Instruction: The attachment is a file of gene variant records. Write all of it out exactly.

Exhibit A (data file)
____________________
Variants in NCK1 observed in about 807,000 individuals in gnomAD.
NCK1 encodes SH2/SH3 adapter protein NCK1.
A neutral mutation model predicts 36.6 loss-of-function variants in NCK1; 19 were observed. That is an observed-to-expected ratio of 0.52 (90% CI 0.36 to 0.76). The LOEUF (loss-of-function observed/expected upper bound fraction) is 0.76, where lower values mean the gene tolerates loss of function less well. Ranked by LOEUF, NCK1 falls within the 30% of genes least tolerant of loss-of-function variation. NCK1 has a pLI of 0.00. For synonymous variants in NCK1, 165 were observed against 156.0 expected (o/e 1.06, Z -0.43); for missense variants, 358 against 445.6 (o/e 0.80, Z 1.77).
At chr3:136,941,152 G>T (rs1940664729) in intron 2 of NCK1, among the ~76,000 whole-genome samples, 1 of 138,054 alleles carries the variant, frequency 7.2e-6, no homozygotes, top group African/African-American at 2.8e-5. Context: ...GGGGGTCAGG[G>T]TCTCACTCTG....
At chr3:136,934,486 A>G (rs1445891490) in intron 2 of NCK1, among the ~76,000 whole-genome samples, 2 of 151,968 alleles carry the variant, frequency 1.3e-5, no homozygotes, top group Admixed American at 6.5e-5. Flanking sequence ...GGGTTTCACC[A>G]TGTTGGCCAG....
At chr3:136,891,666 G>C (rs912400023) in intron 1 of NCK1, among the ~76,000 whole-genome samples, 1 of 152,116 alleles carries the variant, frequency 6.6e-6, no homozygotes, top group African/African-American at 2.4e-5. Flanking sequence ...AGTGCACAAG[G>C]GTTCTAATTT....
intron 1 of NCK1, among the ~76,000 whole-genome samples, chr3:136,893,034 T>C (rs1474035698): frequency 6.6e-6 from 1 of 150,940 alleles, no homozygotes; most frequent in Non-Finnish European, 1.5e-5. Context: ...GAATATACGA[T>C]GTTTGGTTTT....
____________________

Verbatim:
Variants in NCK1 observed in about 807,000 individuals in gnomAD.
NCK1 encodes SH2/SH3 adapter protein NCK1.
A neutral mutation model predicts 36.6 loss-of-function variants in NCK1; 19 were observed. That is an observed-to-expected ratio of 0.52 (90% CI 0.36 to 0.76). The LOEUF (loss-of-function observed/expected upper bound fraction) is 0.76, where lower values mean the gene tolerates loss of function less well. Ranked by LOEUF, NCK1 falls within the 30% of genes least tolerant of loss-of-function variation. NCK1 has a pLI of 0.00. For synonymous variants in NCK1, 165 were observed against 156.0 expected (o/e 1.06, Z -0.43); for missense variants, 358 against 445.6 (o/e 0.80, Z 1.77).
At chr3:136,941,152 G>T (rs1940664729) in intron 2 of NCK1, among the ~76,000 whole-genome samples, 1 of 138,054 alleles carries the variant, frequency 7.2e-6, no homozygotes, top group African/African-American at 2.8e-5. Context: ...GGGGGTCAGG[G>T]TCTCACTCTG....
At chr3:136,934,486 A>G (rs1445891490) in intron 2 of NCK1, among the ~76,000 whole-genome samples, 2 of 151,968 alleles carry the variant, frequency 1.3e-5, no homozygotes, top group Admixed American at 6.5e-5. Flanking sequence ...GGGTTTCACC[A>G]TGTTGGCCAG....
At chr3:136,891,666 G>C (rs912400023) in intron 1 of NCK1, among the ~76,000 whole-genome samples, 1 of 152,116 alleles carries the variant, frequency 6.6e-6, no homozygotes, top group African/African-American at 2.4e-5. Flanking sequence ...AGTGCACAAG[G>C]GTTCTAATTT....
intron 1 of NCK1, among the ~76,000 whole-genome samples, chr3:136,893,034 T>C (rs1474035698): frequency 6.6e-6 from 1 of 150,940 alleles, no homozygotes; most frequent in Non-Finnish European, 1.5e-5. Context: ...GAATATACGA[T>C]GTTTGGTTTT....